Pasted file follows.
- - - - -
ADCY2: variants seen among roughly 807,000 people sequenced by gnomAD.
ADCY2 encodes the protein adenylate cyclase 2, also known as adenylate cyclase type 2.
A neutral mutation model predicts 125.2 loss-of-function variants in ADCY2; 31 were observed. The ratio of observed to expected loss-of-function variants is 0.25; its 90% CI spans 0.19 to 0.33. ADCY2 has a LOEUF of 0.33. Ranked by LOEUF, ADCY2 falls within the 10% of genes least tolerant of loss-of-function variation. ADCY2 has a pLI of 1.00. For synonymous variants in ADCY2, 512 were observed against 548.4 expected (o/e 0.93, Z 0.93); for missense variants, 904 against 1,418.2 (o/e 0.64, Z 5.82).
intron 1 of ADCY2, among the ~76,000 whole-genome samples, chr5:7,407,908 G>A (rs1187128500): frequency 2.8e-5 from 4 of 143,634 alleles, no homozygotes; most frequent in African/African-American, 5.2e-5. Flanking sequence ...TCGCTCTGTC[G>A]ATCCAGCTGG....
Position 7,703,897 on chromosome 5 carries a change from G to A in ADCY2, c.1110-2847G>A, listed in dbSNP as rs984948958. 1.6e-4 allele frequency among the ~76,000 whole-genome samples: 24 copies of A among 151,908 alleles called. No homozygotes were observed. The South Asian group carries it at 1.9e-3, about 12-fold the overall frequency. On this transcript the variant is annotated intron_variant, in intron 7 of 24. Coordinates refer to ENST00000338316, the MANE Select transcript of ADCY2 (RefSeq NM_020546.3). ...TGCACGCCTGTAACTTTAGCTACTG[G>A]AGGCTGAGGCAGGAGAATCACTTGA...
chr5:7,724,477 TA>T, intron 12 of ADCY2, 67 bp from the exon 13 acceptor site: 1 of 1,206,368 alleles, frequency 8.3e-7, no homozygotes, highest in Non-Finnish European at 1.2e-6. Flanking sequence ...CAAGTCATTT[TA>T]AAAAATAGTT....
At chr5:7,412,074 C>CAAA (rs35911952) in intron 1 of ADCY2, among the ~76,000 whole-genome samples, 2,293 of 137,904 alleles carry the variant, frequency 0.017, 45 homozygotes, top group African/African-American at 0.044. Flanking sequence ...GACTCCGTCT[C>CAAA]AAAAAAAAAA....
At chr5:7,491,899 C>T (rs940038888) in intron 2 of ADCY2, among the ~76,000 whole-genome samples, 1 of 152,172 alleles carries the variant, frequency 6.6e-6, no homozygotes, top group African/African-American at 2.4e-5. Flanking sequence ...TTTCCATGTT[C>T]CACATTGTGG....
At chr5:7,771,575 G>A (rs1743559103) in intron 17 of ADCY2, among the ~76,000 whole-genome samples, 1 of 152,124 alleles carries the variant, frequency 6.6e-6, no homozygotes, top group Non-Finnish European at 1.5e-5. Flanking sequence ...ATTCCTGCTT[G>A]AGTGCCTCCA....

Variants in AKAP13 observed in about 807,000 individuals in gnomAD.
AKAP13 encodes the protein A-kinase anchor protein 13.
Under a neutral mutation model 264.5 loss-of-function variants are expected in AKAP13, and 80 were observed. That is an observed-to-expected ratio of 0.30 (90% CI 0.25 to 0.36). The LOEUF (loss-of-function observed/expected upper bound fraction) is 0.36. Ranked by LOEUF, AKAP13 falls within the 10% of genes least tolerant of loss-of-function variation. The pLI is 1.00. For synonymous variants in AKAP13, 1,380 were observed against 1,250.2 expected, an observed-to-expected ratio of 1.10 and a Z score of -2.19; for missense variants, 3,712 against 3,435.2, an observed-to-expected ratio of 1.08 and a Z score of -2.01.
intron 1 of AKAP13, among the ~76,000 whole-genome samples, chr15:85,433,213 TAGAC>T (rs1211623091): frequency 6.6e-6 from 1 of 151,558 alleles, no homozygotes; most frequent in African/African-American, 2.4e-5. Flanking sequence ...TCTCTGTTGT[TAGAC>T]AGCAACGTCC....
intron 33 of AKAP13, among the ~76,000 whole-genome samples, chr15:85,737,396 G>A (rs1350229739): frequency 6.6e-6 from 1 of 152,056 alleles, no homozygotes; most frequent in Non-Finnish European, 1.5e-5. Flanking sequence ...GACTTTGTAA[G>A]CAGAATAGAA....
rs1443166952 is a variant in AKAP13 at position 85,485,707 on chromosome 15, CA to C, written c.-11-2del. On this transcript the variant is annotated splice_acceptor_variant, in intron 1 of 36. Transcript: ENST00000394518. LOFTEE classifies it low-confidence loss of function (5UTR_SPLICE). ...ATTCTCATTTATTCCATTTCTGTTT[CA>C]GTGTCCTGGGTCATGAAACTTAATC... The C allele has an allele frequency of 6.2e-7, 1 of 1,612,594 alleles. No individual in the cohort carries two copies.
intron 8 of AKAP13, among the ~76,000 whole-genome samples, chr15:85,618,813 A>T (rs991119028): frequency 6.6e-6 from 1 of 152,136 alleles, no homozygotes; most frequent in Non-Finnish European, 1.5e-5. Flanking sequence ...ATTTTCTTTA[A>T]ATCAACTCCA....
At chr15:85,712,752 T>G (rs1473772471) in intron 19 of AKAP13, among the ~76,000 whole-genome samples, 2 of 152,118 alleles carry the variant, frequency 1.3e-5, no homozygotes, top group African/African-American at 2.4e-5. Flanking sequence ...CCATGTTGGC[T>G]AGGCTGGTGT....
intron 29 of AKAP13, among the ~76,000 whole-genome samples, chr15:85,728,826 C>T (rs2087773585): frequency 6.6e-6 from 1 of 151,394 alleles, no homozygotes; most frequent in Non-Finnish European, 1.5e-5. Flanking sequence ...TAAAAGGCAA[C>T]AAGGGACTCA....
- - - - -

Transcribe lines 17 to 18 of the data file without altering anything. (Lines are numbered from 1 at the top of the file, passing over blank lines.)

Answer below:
At chr15:85,712,752 T>G (rs1473772471) in intron 19 of AKAP13, among the ~76,000 whole-genome samples, 2 of 152,118 alleles carry the variant, frequency 1.3e-5, no homozygotes, top group African/African-American at 2.4e-5. Flanking sequence ...CCATGTTGGC[T>G]AGGCTGGTGT....
intron 29 of AKAP13, among the ~76,000 whole-genome samples, chr15:85,728,826 C>T (rs2087773585): frequency 6.6e-6 from 1 of 151,394 alleles, no homozygotes; most frequent in Non-Finnish European, 1.5e-5. Flanking sequence ...TAAAAGGCAA[C>T]AAGGGACTCA....